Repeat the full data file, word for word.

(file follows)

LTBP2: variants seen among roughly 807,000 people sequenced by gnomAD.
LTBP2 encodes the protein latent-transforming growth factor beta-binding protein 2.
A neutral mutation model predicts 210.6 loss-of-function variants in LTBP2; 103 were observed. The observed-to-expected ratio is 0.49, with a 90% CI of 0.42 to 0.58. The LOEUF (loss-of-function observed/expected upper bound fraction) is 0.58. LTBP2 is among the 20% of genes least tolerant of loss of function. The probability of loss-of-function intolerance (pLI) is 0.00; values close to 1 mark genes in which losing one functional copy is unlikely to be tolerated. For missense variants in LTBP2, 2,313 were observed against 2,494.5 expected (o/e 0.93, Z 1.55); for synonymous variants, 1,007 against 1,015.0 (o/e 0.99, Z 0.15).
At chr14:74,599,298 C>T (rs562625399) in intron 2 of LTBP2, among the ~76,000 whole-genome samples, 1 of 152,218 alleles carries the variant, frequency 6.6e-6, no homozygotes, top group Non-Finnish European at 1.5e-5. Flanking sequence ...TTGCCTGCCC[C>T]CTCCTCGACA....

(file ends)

LTBP2: variants seen among roughly 807,000 people sequenced by gnomAD.
LTBP2 encodes the protein latent-transforming growth factor beta-binding protein 2.
A neutral mutation model predicts 210.6 loss-of-function variants in LTBP2; 103 were observed. The observed-to-expected ratio is 0.49, with a 90% CI of 0.42 to 0.58. The LOEUF (loss-of-function observed/expected upper bound fraction) is 0.58. LTBP2 is among the 20% of genes least tolerant of loss of function. The probability of loss-of-function intolerance (pLI) is 0.00; values close to 1 mark genes in which losing one functional copy is unlikely to be tolerated. For missense variants in LTBP2, 2,313 were observed against 2,494.5 expected (o/e 0.93, Z 1.55); for synonymous variants, 1,007 against 1,015.0 (o/e 0.99, Z 0.15).
At chr14:74,599,298 C>T (rs562625399) in intron 2 of LTBP2, among the ~76,000 whole-genome samples, 1 of 152,218 alleles carries the variant, frequency 6.6e-6, no homozygotes, top group Non-Finnish European at 1.5e-5. Flanking sequence ...TTGCCTGCCC[C>T]CTCCTCGACA....